I am the mask: Duty Day

The final part in our series showing the vital role of face masks in our response to COVID-19.

This post is part of a series. If you've not read them, you can find part one here and part two here.

Today is a very exciting day for me. I arrived a few days ago in Timergara, Pakistan, and after waiting for a while, I have finally been given an urgent assignment. We are loaded into an MSF car and taken from the central pharmacy to the hospital.

We are here!

As I enter the facility and am driven past the main gate and its many patients, I manage to get a glimpse of the triage set-up, where all patients entering the medical facility are screened for potential COVID-19 symptoms. There are a lot of people but it seems organised. 


The triage station outside MSF's hospital in Timergara

It is a sad moment as I have to say goodbye to my different colleagues who have been assigned duties in other locations.

Depending on their type, some will support our MSF watchmen who secure the gates, others will be donned by the cleaning teams who ensure that infection control protocols are implemented, while others still will be distributed among the administrative office to protect the team.

I enter the isolation ward wondering who will wear me. Will it be a doctor, nurse, cleaner or supervisor? Soon, I discover it is one of the doctors.

With a lot of experience and training, the MSF staff are expert in donning/doffing, but I can still see the tension on the faces of the medical staff when they’re getting ready to enter the COVID-19 isolation ward.

On the ward

I can hear people talking about the impact that the isolation has on the patients and their physical and mental wellbeing.  But as we head onto the ward, I can also see how the frontline health workers are impacted by this new virus. Especially the psychological impact.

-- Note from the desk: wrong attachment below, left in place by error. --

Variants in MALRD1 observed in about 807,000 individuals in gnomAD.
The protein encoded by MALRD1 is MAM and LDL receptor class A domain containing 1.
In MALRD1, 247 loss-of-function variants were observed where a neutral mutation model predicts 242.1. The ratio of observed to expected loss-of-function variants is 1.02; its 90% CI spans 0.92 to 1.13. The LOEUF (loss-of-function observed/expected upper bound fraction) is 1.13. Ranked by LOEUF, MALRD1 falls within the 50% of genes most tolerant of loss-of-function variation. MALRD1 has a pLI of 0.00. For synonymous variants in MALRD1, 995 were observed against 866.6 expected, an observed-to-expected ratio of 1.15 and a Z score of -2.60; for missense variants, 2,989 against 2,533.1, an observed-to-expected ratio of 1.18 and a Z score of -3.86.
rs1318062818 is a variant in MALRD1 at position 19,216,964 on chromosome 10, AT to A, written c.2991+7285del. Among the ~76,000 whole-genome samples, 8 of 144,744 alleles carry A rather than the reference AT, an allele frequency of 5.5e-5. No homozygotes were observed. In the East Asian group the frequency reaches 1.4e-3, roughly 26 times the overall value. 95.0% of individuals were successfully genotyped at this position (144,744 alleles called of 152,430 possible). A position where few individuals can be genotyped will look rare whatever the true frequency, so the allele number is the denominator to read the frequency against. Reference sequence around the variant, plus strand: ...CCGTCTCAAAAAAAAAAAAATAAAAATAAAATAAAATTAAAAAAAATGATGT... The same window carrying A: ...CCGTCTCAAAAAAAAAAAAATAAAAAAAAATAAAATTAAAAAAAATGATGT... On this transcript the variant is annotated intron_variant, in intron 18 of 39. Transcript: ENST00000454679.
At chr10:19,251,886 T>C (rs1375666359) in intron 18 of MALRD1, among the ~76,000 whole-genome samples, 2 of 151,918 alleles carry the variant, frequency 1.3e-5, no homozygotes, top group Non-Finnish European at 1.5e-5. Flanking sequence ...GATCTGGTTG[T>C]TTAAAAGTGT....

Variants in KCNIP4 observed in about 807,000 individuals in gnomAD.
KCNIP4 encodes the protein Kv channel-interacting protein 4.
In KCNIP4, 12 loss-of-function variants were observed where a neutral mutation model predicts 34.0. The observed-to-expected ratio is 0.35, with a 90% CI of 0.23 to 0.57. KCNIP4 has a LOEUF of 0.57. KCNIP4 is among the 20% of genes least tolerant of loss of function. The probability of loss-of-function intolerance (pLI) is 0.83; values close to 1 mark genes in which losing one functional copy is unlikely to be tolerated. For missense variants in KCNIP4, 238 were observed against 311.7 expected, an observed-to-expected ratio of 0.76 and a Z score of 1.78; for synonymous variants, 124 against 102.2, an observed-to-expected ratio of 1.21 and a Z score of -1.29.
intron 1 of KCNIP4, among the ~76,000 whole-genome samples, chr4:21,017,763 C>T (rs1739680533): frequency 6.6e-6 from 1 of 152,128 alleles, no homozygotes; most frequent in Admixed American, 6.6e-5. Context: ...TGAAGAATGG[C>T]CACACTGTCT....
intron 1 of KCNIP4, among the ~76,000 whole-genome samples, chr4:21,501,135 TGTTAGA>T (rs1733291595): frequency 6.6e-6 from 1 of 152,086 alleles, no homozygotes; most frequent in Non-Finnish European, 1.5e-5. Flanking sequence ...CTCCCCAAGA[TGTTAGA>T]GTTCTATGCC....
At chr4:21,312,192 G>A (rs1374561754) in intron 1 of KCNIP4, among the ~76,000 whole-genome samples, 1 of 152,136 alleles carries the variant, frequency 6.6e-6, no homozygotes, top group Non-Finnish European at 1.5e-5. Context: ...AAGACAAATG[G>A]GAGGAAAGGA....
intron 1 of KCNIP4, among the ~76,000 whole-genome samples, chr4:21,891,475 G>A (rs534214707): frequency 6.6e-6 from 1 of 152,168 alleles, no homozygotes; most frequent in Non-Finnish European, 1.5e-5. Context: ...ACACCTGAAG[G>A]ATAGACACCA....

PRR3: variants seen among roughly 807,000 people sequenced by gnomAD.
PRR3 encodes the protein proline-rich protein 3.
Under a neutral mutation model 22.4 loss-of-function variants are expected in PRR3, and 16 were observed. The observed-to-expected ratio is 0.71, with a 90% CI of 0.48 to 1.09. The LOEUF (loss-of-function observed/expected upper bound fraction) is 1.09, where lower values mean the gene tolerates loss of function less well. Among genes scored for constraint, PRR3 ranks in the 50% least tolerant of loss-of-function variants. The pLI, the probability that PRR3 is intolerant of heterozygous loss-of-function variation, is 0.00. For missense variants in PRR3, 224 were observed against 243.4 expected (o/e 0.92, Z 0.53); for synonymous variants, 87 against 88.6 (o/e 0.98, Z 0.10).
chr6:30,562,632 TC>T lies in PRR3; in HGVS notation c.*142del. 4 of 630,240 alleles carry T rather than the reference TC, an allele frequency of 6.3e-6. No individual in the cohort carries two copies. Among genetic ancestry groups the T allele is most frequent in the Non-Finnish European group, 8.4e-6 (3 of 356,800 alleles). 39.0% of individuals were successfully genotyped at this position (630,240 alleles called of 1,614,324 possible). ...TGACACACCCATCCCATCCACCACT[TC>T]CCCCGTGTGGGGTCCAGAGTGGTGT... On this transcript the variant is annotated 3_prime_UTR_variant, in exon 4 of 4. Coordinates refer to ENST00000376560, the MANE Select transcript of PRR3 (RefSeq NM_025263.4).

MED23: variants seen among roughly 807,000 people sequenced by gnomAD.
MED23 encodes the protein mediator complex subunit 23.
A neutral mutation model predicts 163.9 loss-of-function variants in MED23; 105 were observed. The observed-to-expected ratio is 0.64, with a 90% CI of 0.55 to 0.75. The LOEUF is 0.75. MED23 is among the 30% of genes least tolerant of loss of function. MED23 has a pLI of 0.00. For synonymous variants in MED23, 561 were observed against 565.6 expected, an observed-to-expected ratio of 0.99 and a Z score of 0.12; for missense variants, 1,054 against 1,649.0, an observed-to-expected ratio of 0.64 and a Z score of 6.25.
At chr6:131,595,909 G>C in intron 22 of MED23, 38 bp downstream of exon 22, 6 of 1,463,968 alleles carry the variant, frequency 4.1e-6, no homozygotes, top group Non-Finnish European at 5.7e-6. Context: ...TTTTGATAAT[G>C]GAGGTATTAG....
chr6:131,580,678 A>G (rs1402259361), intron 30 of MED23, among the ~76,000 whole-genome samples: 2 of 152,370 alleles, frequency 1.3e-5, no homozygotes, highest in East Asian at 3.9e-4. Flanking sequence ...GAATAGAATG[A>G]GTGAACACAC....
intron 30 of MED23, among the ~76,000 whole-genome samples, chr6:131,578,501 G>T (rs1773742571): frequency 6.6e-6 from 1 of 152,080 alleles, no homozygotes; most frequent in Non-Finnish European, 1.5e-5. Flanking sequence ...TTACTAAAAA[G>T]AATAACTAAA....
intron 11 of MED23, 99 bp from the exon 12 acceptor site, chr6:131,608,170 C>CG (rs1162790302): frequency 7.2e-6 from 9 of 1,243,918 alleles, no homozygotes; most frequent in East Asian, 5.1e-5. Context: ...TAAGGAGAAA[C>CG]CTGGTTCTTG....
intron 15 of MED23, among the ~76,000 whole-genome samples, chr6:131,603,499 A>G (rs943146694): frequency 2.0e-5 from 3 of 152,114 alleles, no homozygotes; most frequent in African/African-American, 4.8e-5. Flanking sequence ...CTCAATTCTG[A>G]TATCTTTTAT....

Securely fitted in place, I accompany the doctor as he goes to each bed to see the patients. When he’s finished he goes to the doffing area and removes his personal protection equipment, including me. I’m dropped into a bin as he heads off for a shower.

So here I am … in a bin, waiting for the team in charge of collecting the waste. I have to wait to be processed according to the COVID-19 infection prevention and control protocols. And look, I see some of my travel buddies here with me.

Shhh, hang on, someone is coming … It’s the MSF Waste Collection team.


The MSF waste disposal team in Timergara

As I arrive at the waste management area, I see boots and face shields – pieces of personal protecton equipment that are made of more durable material than we are. These are being disinfected so they can be re-used.


PPE drying in the sun having been sanitised

FFP2 masks like me can be re-used if we are passed through a special UV disinfection unit. This is not just a standard UV light, but a dedicated high-concentration medical disinfection device. They don’t have one in the Timergara project at the moment, but I’ve heard they are getting one delivered soon. For now, I am not in a position to be re-used, and will be processed as medical waste.


The incinerator at the MSF hosptial in Timergara

The time has come for me to say goodbye, friends. But don’t be sad. I gave it all and I am glad that I got to be a part of this battle against the virus and to serve the MSF team. I am proud to have protected the person who wore me.

* While healthcare workers are up against the virus, trying to save the lives of others, they are relying on personal protection equipment (PPE) for their own safety. This series is a tribute to all the frontline workers, the doctors, nurses, paramedics and support staff who are working day and night to save lives during the pandemic *

*Following a signifcaint reduction in critically ill patients, MSF at the end of Sepetember 2020 handed over its COVID-19 isolation ward in Timergara DHQ hospital to ministry of health after six months of services.